Monday, May 1, 2017

What Do You Want?

"What do you want me to do for you?" Jesus asked. My Rabbi, the blind man said, I want to see!" 

Bartimaeus was a "blind beggar" according to Mark 10:46-52. We also know that he was the son of Timaeus. His father's name meant, "highly prized." However, Bartimaeus' name translates as, "a certain blind man." What kind of identity is that? 
How does the son of "highly prized" become  "a certain blind man" begging on the side of the road? Bartimaeus had become used to a life of begging others for the things he needed to sustain his life. However, when he heard that Jesus from Nazareth was nearby, 

he knew this would be no ordinary day....

I can imagine that like most of us, Bartimaeus was used to his daily routine. Get up. Set up camp by the roadside. Beg for his daily needs. Hope that he got enough from those who were willing, to make it through the day. But this day was different. Jesus was near by. Perhaps Bartimaeus had heard about this Jesus from Nazareth who was going around healing people; enabling the lame to walk, and restoring sight to the blind. I believe if he could have,  Bartimaeus would have loved to travel to those places where Jesus was performing these miracles, but it may have been that his condition prevented him from doing so. Can you imagine what he may have thought after hearing about these tales of healing...,"If only I could get there. I would ask Jesus to heal me..." Because of his condition, he was forced to live in such a way that limited how far he could go. Literally. He could only go as far as he had been, which was to the side of the road and beg as he had always done.

I wonder if Bartimaeus knew that when he woke up on that particular morning, it would not be business as usual. A chance encounter with Jesus would change his life forever. He didn't have to travel to where Jesus was, in essence Jesus came to him. As the large crowd passed by, Bartimaeus shouted, "Son of David, have mercy on me!" Many people nearby yelled at him and tried to quiet him. But that only made Bartimaeus shout louder! "Son of David, have mercy on me!" You see what this crowd failed to realize, was that Bartimaeus didn't know when  or if he would have this opportunity again. Jesus was near by and he wasn't going to miss him. How many of us take the presence of the Lord for granted? We assume that we have one more Sunday, or one more bible study to attend, and we forget that we have to seek the Lord while he yet may be found! Bartimaeus understood  the opportunity that lay before him. It didn't matter what what those around him said. He wasn't worried about what they thought of him and his condition. He needed to get to Jesus.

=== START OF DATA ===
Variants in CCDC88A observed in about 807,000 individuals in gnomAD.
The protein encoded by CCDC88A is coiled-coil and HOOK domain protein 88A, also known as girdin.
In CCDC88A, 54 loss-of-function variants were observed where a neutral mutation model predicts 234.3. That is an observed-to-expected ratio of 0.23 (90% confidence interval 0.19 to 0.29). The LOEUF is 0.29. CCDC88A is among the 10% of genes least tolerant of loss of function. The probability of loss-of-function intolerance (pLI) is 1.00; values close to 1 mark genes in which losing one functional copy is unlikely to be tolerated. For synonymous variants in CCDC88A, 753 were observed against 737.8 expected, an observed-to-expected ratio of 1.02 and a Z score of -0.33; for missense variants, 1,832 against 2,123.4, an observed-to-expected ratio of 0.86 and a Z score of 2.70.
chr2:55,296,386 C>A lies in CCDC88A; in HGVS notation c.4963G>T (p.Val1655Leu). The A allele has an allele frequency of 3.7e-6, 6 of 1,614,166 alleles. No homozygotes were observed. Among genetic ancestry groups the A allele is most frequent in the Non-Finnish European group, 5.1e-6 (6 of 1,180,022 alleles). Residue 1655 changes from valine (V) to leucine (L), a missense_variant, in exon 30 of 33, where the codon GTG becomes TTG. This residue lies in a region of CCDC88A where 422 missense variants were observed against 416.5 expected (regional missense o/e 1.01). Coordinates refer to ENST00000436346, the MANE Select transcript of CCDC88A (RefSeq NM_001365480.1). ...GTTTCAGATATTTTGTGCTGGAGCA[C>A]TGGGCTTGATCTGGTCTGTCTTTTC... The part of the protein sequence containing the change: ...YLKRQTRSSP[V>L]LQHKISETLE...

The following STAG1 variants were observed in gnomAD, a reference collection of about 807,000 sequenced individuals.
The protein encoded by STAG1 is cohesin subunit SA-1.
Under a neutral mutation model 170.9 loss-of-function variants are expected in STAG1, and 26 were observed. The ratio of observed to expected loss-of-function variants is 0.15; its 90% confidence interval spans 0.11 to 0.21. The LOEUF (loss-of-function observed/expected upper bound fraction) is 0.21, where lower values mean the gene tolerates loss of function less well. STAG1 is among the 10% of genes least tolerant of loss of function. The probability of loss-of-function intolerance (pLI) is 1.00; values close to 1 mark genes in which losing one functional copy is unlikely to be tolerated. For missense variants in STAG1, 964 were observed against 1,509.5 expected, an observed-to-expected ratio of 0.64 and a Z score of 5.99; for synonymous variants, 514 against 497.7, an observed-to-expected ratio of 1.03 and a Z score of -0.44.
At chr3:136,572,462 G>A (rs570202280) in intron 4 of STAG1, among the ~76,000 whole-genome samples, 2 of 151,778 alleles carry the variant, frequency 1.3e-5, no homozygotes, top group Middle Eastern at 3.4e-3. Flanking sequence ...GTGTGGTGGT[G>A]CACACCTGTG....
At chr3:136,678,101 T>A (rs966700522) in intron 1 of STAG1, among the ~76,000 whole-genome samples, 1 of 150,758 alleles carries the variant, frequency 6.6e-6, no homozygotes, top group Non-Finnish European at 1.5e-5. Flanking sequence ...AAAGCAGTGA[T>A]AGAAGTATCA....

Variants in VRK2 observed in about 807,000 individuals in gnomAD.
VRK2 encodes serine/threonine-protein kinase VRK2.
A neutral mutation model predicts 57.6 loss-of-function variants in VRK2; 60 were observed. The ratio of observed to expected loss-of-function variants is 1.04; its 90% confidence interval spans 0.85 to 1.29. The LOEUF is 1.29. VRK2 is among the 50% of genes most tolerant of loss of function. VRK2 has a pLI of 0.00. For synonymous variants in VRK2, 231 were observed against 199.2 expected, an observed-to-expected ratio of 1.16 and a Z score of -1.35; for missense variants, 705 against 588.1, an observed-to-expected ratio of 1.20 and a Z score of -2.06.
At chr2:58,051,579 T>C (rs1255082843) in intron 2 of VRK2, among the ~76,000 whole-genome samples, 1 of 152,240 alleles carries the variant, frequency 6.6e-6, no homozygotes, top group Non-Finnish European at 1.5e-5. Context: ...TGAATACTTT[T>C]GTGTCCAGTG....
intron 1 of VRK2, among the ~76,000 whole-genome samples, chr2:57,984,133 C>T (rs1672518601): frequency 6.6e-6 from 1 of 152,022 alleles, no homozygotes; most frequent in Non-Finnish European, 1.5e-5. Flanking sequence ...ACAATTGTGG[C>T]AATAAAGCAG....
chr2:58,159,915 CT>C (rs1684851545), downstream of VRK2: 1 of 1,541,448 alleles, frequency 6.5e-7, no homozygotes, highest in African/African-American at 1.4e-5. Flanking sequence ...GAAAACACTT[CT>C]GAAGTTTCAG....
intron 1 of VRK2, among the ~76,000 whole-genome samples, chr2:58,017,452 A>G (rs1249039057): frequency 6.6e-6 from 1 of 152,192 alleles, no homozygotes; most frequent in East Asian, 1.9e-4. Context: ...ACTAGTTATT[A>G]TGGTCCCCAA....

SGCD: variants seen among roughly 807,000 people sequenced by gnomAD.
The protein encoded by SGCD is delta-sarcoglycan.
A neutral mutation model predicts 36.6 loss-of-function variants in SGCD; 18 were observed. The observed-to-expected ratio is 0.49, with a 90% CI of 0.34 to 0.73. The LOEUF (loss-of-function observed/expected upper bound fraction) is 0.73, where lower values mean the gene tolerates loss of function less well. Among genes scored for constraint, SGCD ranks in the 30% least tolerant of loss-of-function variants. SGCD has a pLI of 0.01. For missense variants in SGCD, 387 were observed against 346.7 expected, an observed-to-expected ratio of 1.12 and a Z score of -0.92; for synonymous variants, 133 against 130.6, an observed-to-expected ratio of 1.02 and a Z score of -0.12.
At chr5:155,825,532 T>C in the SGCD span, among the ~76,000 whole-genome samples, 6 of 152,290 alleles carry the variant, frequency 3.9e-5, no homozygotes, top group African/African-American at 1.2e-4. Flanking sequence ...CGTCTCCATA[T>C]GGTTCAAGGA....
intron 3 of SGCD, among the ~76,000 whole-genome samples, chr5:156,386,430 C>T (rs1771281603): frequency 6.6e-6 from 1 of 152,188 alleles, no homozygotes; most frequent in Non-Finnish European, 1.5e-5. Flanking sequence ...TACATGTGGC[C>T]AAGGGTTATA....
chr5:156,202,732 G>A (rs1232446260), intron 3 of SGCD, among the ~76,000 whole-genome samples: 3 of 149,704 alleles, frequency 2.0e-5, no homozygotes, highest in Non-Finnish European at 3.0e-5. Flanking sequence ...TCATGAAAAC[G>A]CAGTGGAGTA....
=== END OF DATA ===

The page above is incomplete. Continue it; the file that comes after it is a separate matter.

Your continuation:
Jesus heard him. In the midst of the large crowd, clamoring for Jesus' attention, Jesus heard Bartimaeus call out to him. He instructed those around him to call Bartimaeus to him. Can you imagine what Bartimaeus must have felt with each step that  he took as he walked toward Jesus? He was getting closer and closer to the One who could change his life forever. The next thing Jesus says to him blows my mind, "What do you want me to do for you?"  Pay careful attention to Bartimaeus response. Those who were within ear shot of Jesus' question to Bartimaeus, might have assumed he would ask for what he had always asked for. Money? Food? Clothes? After all, he was a beggar, you know.....and beggars....beg. But Bartimaeus exuberantly responds, "Rabbi, I want to see!" So many of us seek the Lord asking for things which are directly connected to our condition. Tired of being lonely? "God send me a husband or a wife!" Constantly struggling with your bills? "God please send me more money!" Going through a difficult season in your life? "God, get me out of this!"

Bartimaeus asked to be made whole. He had faith that Jesus could do this for him, and because of his faith, Jesus granted his request to receive his sight. 

When we are healed and whole, we are much better equipped to handle the other "stuff" that occurs in our lives. Momentary fixes which do not address the real issues in our lives will continue to show up and we will come to think that our identity is somehow wrapped up in our condition. We will never get to the root of the problem because we are so busy trying to fix the symptoms and not the problems themselves. Only Jesus can can heal us in this way. He has a way of asking the right questions to get to the heart of the matter. It is my prayer for myself, and for you that when Jesus poses the question to us, "What do you want me to do for you?" we will respond much like Bartimaeus, with the appropriate response.

Till next time,
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